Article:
Computer-Assisted Instruction Versus Traditional Classroom Instruction: Examining Students' Factoring Ability in High School Algebra One

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dc.contributor.advisor Karen F. Hollebrands, Committee Chair en_US
dc.contributor.advisor John R. Kolb, Committee Member en_US
dc.contributor.advisor Mohan S. Putcha, Committee Member en_US
dc.contributor.author Clinkscales, Michael John en_US
dc.date.accessioned 2010-04-02T18:08:16Z
dc.date.available 2010-04-02T18:08:16Z
dc.date.issued 2002-11-13 en_US
dc.identifier.other etd-10312002-230656 en_US
dc.identifier.uri http://www.lib.ncsu.edu/resolver/1840.16/1850
dc.description.abstract The purpose of this study is to examine the effectiveness of computer-assisted instruction compared to the traditional instruction of a classroom teacher in mathematics. The results of the study are based a series of tests administered to two classes of Algebra I students. The test scores are used to analyze the achievement each class demonstrated through the tests. The study also examines the perceptions of students' experiences using computer-assisted instruction and its ability to meet their educational needs. The study uses two randomized classes in a high school setting. The two classes are Algebra I classes dealing with factoring polynomial expressions. The control group received traditional classroom instruction on factoring. The experimental group received instruction from an on-line learning system, called NovaNET. Both classes had equal number of students (n = 25) and were given their respective instruction during the same time period. The experimental group participated in a group discussion at the end of the study to relate their experience with computer-assisted instruction. A two-sample t-test was used to determine that there was no significant difference between the two forms of instruction. The students also did not show any significant difference in retaining the information taught. These analyses were determined from a posttest and retention test administered during the research period. Another analysis was performed on individual concepts learned during factoring. The item analysis of the posttest showed inconclusive data. During the discussion, the students' comments leaned toward favoring a more traditional classroom environment. Some students did recognize the power of the computer and suggested that both forms of instruction be integrated. Overall, the results suggest that there is no significant difference between the two methods of teaching. Both methods have positive features that bring the best out of instruction. It is recommended that continued research be done on computer-assisted instruction and comparing its methods with that of traditional instruction. en_US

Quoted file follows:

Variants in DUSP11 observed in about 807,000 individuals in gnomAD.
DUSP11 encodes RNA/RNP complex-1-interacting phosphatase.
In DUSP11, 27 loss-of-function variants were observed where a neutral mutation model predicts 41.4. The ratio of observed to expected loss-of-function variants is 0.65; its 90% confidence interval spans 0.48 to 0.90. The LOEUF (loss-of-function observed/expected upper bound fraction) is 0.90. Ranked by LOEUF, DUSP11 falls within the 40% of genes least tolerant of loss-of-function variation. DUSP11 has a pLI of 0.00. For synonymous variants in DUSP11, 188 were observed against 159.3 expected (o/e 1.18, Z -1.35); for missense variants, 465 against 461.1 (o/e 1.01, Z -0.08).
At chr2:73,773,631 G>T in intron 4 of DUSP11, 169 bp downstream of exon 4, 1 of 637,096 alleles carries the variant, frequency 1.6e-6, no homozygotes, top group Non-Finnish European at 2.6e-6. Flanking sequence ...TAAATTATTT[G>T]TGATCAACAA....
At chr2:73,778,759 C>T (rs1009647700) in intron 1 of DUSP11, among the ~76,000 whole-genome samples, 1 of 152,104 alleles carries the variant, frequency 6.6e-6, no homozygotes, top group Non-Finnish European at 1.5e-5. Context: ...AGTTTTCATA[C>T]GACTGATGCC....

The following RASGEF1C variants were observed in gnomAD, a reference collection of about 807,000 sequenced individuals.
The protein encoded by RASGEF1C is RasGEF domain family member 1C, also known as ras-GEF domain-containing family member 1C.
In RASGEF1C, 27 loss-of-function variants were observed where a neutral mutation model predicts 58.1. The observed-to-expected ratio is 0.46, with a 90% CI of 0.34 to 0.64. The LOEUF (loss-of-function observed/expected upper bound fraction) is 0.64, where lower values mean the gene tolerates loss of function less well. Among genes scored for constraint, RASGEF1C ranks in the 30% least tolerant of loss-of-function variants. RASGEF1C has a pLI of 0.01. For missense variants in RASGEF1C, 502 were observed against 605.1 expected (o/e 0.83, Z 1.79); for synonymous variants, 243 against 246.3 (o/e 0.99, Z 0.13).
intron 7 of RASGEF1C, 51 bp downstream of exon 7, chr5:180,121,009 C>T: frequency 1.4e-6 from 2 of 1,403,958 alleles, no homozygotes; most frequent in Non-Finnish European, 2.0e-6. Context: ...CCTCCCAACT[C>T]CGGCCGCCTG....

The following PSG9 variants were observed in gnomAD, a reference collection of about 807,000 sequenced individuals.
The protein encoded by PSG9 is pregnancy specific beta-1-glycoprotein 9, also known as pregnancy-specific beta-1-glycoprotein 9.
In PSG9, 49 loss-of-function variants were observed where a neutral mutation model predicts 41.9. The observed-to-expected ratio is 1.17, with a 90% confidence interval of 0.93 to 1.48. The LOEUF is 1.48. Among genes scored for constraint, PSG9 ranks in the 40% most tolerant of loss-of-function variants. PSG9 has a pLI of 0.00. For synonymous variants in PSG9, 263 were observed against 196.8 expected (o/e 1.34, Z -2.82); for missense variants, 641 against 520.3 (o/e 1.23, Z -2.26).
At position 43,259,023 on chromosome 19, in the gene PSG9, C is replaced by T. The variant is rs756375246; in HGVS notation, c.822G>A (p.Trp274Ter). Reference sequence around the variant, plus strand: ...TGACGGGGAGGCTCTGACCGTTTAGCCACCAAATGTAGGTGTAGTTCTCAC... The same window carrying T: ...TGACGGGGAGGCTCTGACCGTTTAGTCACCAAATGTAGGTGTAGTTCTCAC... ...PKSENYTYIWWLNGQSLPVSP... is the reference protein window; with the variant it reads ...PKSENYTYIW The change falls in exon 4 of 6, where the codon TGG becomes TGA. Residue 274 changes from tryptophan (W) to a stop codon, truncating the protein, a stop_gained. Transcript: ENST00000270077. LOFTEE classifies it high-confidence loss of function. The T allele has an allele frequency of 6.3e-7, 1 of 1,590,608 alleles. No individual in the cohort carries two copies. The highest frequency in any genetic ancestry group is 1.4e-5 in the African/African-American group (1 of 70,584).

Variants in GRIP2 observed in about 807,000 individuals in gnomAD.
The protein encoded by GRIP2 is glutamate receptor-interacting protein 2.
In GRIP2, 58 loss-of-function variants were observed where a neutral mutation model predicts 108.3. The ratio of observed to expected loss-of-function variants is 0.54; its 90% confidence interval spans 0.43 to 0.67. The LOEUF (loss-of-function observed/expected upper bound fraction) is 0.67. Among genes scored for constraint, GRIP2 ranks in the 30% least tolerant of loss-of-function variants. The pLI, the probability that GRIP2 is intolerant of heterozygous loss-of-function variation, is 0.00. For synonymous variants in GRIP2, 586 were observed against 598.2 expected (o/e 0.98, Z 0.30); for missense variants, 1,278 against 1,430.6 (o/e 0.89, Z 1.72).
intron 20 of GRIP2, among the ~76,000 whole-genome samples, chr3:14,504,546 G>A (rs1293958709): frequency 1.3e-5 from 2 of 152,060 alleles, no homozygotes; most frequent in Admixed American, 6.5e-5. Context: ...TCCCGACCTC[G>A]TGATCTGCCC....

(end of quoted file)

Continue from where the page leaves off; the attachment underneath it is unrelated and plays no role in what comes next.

dc.rights I hereby certify that, if appropriate, I have obtained and attached hereto a written permission statement from the owner(s) of each third party copyrighted matter to be included in my thesis, dissertation, or project report, allowing distribution as specified below. I certify that the version I submitted is the same as that approved by my advisory committee. I hereby grant to NC State University or its agents the non-exclusive license to archive and make accessible, under the conditions specified below, my thesis, dissertation, or project report in whole or in part in all forms of media, now or hereafter known. I retain all other ownership rights to the copyright of the thesis, dissertation or project report. I also retain the right to use in future works (such as articles or books) all or part of this thesis, dissertation, or project report. en_US
dc.subject NovaNET en_US
dc.subject factoring en_US
dc.subject computer-assisted learning en_US
dc.subject mathematics en_US
dc.title Computer-Assisted Instruction Versus Traditional Classroom Instruction: Examining Students' Factoring Ability in High School Algebra One en_US
dc.degree.name MS en_US
dc.degree.level thesis en_US
dc.degree.discipline Mathematics Education en_US


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